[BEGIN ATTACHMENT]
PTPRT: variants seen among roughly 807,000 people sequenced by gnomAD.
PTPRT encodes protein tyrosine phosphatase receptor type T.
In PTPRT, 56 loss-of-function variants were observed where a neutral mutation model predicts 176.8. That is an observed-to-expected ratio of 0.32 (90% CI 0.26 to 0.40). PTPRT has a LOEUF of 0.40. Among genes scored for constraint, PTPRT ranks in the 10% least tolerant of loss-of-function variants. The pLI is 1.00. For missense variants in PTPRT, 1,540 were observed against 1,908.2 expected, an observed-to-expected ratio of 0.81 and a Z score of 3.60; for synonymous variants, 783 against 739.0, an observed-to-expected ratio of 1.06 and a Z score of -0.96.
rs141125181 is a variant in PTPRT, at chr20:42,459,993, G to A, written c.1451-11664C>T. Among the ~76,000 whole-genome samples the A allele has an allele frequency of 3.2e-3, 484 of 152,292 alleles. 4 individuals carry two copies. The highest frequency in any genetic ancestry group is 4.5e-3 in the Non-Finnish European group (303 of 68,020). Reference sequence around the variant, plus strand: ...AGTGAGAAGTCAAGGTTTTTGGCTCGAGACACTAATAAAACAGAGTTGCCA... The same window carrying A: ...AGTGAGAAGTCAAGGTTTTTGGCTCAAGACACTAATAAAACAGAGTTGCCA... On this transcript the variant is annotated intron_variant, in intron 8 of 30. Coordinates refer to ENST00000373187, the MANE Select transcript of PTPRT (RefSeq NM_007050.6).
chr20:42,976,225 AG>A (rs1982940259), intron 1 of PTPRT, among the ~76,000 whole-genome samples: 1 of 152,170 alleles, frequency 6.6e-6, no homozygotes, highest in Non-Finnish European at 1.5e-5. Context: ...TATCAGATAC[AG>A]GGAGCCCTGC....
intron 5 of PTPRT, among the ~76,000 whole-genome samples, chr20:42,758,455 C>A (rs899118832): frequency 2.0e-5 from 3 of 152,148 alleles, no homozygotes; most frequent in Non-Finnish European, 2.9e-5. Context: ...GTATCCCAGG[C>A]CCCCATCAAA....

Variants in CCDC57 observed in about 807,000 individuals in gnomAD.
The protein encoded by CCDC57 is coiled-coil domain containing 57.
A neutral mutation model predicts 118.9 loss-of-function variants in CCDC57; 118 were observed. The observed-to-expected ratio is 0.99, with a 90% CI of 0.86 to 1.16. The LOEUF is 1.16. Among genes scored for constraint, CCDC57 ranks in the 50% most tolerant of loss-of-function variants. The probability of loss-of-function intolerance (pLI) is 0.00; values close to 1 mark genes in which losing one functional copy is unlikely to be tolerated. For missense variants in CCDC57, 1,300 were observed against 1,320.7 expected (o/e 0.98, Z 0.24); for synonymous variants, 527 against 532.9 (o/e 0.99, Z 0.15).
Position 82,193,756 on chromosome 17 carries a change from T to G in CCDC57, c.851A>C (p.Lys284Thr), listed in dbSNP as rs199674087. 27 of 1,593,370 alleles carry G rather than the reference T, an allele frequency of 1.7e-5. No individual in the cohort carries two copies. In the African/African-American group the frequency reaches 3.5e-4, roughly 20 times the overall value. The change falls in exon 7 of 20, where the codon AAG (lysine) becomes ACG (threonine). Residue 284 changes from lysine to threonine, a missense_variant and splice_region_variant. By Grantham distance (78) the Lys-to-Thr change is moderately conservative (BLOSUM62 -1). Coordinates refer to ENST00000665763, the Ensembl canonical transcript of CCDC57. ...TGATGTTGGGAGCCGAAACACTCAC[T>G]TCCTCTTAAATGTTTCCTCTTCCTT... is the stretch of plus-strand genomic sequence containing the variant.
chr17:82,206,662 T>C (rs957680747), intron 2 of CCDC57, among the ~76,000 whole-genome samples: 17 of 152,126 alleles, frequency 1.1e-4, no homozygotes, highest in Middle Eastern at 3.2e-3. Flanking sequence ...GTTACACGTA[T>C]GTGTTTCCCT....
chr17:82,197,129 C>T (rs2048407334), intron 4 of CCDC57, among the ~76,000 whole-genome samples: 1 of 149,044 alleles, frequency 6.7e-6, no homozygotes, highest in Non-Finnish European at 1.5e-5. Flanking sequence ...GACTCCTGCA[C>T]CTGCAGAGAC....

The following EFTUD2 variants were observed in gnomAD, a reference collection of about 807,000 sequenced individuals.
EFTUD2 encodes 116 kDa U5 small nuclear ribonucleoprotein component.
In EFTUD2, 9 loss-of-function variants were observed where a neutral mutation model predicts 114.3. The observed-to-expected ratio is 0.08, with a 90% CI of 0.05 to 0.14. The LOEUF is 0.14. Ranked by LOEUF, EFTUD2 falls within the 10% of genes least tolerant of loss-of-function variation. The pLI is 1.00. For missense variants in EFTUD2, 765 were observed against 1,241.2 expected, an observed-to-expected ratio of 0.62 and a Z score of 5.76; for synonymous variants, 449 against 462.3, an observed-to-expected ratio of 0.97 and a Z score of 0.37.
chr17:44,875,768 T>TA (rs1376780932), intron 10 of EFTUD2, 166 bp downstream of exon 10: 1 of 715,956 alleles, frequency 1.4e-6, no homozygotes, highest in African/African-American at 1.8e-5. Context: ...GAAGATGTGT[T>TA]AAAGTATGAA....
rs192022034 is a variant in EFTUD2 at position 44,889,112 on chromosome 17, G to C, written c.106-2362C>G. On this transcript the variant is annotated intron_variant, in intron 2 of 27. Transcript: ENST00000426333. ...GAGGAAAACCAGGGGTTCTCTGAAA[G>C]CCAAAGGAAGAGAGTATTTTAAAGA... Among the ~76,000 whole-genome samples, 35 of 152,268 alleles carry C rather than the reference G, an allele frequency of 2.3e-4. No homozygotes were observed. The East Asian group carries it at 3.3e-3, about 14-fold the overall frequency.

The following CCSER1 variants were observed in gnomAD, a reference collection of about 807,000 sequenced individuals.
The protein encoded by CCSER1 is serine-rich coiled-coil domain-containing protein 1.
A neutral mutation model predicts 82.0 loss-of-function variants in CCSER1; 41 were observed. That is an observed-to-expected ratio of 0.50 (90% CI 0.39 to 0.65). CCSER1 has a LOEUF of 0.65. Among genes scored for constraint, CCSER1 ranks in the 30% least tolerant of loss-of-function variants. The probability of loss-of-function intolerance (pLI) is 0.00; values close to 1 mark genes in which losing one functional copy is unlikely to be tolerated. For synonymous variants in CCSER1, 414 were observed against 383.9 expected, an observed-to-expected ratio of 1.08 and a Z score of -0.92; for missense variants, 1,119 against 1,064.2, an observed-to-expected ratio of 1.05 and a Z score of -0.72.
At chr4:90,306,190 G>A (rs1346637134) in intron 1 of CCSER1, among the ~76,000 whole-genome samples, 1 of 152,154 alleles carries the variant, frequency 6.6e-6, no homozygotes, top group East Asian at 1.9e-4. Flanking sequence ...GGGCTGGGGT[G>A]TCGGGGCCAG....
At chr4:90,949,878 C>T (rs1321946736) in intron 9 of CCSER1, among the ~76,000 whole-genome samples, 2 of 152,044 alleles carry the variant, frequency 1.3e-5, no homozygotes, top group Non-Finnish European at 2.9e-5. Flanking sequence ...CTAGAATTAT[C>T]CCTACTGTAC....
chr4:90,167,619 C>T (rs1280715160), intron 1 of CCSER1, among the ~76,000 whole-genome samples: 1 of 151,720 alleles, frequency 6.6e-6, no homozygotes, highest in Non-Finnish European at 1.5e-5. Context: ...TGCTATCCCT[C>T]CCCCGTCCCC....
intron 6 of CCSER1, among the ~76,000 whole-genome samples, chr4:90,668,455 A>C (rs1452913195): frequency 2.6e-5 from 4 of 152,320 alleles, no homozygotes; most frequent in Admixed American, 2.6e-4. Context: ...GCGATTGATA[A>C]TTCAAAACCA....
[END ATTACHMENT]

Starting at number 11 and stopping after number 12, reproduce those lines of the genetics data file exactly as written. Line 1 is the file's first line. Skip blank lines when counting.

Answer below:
chr17:82,206,662 T>C (rs957680747), intron 2 of CCDC57, among the ~76,000 whole-genome samples: 17 of 152,126 alleles, frequency 1.1e-4, no homozygotes, highest in Middle Eastern at 3.2e-3. Flanking sequence ...GTTACACGTA[T>C]GTGTTTCCCT....
chr17:82,197,129 C>T (rs2048407334), intron 4 of CCDC57, among the ~76,000 whole-genome samples: 1 of 149,044 alleles, frequency 6.7e-6, no homozygotes, highest in Non-Finnish European at 1.5e-5. Flanking sequence ...GACTCCTGCA[C>T]CTGCAGAGAC....